Archive for May, 2014

One letter searches

Wednesday, 21 May, 2014

Just noodling around, I started typing something into Wikipedia’s search box, and before I thought of a second letter to type, it popped up a list of suggested auto-completions. I was slightly amused at the top hit, so decided to try every letter in the alphabet to see what I’d get. Here then is the list:

  • Animal
  • Bakhsh
  • Canada
  • Departments of France
  • England
  • France
  • Germany
  • Hispanic (U.S. Census)
  • Iran standard time
  • Japan
  • Keyboard instrument
  • List of sovereign states
  • Mollusca
  • New York City
  • Ontario
  • Poland
  • Quebec
  • Race and ethnicity in the United States Census
  • Spain
  • The New York Times
  • United States
  • Village
  • World War II
  • X
  • YouTube
  • ZIP code

This is a very interesting list. Presumably it is decided by some sort of algorithm running on Wikipedia’s servers that analyses the most popular search terms. Some of the entries are perfectly plausible on this assumption: England, France, Germany, United States, World War II. I can easily imagine they might well be the most popular Wikipedia search terms starting with those letters.

Others are more odd. Mollusca stands out a bit. Okay, I can see a lot of people might search for information on Animals in general, but molluscs? And by their technical name rather than common name? Iran standard time? Who on earth is searching specifically for information about the time zone of Iran? The two US Census entries are also intriguing… is there some reason for lots of people to look for information about race or ethnicity with regards to US Census taking?

The strangest one to me is Bakhsh. Until I tried this experiment, I’d never even heard the term. It’s an extremely specialised subject and the Wikipedia entry is quite short. Why is this showing up as the number one suggested search auto-complete beginning with B? I have no clue.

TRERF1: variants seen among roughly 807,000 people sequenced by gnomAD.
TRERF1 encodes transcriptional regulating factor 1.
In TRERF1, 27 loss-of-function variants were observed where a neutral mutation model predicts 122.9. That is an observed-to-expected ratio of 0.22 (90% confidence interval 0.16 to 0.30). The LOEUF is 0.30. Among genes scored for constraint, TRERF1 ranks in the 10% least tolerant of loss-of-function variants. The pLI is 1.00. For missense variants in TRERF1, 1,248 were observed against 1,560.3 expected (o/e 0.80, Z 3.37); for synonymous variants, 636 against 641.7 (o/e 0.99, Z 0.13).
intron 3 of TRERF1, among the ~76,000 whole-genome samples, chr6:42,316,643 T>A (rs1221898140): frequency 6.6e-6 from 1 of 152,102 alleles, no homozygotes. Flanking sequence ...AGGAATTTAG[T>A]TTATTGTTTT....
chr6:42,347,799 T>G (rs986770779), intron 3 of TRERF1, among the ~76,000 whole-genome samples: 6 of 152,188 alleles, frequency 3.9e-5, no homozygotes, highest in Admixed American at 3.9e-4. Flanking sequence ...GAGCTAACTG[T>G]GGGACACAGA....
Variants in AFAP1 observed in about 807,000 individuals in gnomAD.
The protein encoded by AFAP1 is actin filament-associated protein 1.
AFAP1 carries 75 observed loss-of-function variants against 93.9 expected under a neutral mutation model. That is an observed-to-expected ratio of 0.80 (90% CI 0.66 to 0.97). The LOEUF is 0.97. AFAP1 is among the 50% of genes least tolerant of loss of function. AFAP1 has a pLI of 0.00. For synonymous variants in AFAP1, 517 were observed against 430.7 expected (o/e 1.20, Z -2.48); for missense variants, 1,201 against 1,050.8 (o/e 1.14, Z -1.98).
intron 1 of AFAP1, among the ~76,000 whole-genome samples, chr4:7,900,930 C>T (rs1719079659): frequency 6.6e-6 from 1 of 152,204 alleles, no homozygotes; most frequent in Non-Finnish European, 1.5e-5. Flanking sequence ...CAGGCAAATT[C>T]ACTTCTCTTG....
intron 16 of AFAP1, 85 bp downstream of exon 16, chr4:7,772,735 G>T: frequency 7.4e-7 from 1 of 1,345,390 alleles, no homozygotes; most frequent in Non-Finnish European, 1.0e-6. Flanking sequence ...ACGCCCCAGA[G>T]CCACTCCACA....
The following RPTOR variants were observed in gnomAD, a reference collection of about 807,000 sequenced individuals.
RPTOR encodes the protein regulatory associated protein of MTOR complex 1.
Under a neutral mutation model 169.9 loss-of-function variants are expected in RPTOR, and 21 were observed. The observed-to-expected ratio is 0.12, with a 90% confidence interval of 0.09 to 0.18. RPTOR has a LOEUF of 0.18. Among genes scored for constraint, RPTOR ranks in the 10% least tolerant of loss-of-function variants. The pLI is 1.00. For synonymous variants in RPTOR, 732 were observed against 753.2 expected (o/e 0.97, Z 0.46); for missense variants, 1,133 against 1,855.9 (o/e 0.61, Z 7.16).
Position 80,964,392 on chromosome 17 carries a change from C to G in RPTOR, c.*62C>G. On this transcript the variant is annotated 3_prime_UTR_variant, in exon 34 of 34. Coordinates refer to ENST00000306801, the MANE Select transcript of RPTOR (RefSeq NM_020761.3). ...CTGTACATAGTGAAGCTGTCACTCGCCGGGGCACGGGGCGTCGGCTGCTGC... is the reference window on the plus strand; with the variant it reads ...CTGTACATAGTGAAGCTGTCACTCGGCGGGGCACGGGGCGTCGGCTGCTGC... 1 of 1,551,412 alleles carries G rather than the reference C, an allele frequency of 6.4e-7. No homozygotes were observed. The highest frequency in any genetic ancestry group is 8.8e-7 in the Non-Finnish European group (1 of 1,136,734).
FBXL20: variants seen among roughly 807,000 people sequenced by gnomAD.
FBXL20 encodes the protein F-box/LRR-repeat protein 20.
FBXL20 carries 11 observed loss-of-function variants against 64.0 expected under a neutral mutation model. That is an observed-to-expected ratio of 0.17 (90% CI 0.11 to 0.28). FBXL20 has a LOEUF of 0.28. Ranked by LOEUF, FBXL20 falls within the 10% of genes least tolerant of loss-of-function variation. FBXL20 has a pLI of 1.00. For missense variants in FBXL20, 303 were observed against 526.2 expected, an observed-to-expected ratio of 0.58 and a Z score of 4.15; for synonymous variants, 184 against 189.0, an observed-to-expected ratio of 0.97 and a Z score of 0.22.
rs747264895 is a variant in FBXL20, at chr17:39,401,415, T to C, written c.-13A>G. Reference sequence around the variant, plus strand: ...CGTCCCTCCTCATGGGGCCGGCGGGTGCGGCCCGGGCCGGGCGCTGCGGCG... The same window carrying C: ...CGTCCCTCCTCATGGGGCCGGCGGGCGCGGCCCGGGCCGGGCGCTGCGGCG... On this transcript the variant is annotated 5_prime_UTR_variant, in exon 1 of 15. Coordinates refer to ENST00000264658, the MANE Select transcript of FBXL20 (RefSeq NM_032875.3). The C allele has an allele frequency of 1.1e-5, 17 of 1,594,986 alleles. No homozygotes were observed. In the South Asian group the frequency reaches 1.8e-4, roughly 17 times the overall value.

Trying the experiment further afield, here are the top auto-complete suggestions for typing one letter into Google’s search box (with explanations, since many of them are Australian companies – Google is clearly using my IP address to localise my results):

  • ANZ (ANZ Bank)
  • BoM (Australian Bureau of Meteorology)
  • Centrelink (Australian Government Department of Human Services)
  • dictionary
  • eBay
  • Facebook
  • Google
  • Hotmail
  • Instagram
  • JetStar (Australian airline)
  • Kmart
  • LinkedIn
  • maps
  • Netbank (e-banking service of the Commonwealth Bank of Australia)
  • Optus
  • PayPal
  • Qantas
  • real estate
  • SMH (The Sydney Morning Herald newspaper)
  • TV guide
  • UTS (University of Technology, Sydney)
  • Virgin
  • Westpac (another bank)
  • XBox
  • YouTube
  • Zara

Urban exploration

Sunday, 4 May, 2014

I went for a walk with my wife today. From our front door, it took us about an hour and 15 minutes to return. This was enough to let us explore parts of a neighbouring suburb where we have only walked a handful of times before.

We walked down to Greenwich Point. At one place along the main street, a sign points between two adjacent blocks of flats, indicating “Path to Reserve”. (A reserve being in this context a park.) I knew there was a park further along the road, and thought this path would lead through the bushland along the waterfront behind the houses, emerging at the park. So we ventured down the steps into the bush. The path led a hundred metres or so, then descended a steep set of rough sandstone steps to a tiny beach, on which were beached a couple of rowboats. I could see steps leading up from the far side of the beach, so we crossed the sand and climbed up again.

On this side, however, the steps led nowhere except up the slope to the rear side of a couple of houses. There was no path to follow – the only exit was directly into the back yards of the two houses. We’d stumbled on a semi-private path meant to be accessed only by the residents of these houses. We didn’t fancy going all the way back to where we’d started, and we could see a woman on the back porch of one of the houses. So I called out and said we’d gotten lost in the bush, and could we walk through her yard to the street. She said we could, so we walked through her property to the front gate and back out on to the street.

From there it was still another hundred metres or more to the park. I’m not sure what that sign back at the beginning had been meant to indicate, but there was clearly no path to this park from that sign. Anyway, once at the park there was a proper, well-maintained path along the foreshore bushland, behind the houses, all the way around the point to the ferry wharf. This was a much nicer walk, giving us good views of the harbour, the boats, and the surrounding headlands.

It’s nice to be able to take scenic walks – and get lost on them – within about half an hour’s walk from home!